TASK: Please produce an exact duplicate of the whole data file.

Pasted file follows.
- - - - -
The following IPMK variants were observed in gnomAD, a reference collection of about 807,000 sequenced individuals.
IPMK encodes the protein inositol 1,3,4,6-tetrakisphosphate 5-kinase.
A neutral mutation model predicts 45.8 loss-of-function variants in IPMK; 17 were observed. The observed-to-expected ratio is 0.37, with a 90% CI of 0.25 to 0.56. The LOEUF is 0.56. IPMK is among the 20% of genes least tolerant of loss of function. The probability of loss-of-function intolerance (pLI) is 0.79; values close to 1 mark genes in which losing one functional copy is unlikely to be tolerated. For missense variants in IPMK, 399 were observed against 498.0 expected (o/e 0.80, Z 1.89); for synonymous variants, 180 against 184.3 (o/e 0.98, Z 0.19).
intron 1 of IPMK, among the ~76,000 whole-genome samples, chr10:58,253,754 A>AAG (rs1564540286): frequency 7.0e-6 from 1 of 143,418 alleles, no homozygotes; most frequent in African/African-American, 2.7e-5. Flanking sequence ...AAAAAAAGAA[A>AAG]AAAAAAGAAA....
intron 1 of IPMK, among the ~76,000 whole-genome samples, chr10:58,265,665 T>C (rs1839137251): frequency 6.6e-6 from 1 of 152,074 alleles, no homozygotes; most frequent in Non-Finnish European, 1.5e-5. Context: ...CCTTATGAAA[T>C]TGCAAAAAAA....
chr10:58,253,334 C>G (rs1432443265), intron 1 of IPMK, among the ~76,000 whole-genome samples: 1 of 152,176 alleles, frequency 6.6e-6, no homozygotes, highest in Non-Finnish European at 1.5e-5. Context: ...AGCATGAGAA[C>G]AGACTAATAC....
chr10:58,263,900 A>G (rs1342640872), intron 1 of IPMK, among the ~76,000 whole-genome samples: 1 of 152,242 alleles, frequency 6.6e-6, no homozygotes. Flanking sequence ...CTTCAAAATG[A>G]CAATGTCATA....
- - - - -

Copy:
The following IPMK variants were observed in gnomAD, a reference collection of about 807,000 sequenced individuals.
IPMK encodes the protein inositol 1,3,4,6-tetrakisphosphate 5-kinase.
A neutral mutation model predicts 45.8 loss-of-function variants in IPMK; 17 were observed. The observed-to-expected ratio is 0.37, with a 90% CI of 0.25 to 0.56. The LOEUF is 0.56. IPMK is among the 20% of genes least tolerant of loss of function. The probability of loss-of-function intolerance (pLI) is 0.79; values close to 1 mark genes in which losing one functional copy is unlikely to be tolerated. For missense variants in IPMK, 399 were observed against 498.0 expected (o/e 0.80, Z 1.89); for synonymous variants, 180 against 184.3 (o/e 0.98, Z 0.19).
intron 1 of IPMK, among the ~76,000 whole-genome samples, chr10:58,253,754 A>AAG (rs1564540286): frequency 7.0e-6 from 1 of 143,418 alleles, no homozygotes; most frequent in African/African-American, 2.7e-5. Flanking sequence ...AAAAAAAGAA[A>AAG]AAAAAAGAAA....
intron 1 of IPMK, among the ~76,000 whole-genome samples, chr10:58,265,665 T>C (rs1839137251): frequency 6.6e-6 from 1 of 152,074 alleles, no homozygotes; most frequent in Non-Finnish European, 1.5e-5. Context: ...CCTTATGAAA[T>C]TGCAAAAAAA....
chr10:58,253,334 C>G (rs1432443265), intron 1 of IPMK, among the ~76,000 whole-genome samples: 1 of 152,176 alleles, frequency 6.6e-6, no homozygotes, highest in Non-Finnish European at 1.5e-5. Context: ...AGCATGAGAA[C>G]AGACTAATAC....
chr10:58,263,900 A>G (rs1342640872), intron 1 of IPMK, among the ~76,000 whole-genome samples: 1 of 152,242 alleles, frequency 6.6e-6, no homozygotes. Flanking sequence ...CTTCAAAATG[A>G]CAATGTCATA....